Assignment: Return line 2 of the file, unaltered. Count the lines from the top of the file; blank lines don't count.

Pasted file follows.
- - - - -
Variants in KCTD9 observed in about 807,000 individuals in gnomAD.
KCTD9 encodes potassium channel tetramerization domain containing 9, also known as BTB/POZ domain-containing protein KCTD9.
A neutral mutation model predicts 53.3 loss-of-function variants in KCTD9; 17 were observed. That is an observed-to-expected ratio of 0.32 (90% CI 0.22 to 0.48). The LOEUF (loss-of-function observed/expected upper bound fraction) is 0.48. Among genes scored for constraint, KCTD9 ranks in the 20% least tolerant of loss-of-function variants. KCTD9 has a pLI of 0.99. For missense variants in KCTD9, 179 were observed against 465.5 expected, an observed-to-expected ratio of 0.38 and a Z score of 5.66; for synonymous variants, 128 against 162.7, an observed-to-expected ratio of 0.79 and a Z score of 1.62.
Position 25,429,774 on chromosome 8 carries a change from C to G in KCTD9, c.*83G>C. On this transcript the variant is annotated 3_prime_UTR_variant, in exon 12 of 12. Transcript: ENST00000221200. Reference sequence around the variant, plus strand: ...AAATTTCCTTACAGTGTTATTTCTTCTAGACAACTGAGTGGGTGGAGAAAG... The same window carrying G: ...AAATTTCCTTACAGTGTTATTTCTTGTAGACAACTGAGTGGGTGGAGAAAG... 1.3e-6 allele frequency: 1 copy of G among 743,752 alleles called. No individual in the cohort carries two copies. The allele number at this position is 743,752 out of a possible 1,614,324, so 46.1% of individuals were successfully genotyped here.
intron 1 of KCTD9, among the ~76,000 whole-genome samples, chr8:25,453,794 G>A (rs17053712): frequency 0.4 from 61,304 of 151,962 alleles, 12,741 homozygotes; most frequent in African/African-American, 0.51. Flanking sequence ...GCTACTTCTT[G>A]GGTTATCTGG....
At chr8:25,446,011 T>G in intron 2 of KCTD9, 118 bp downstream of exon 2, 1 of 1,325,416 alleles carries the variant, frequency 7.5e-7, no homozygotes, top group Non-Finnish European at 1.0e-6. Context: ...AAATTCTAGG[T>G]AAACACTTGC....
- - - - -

KCTD9 encodes potassium channel tetramerization domain containing 9, also known as BTB/POZ domain-containing protein KCTD9.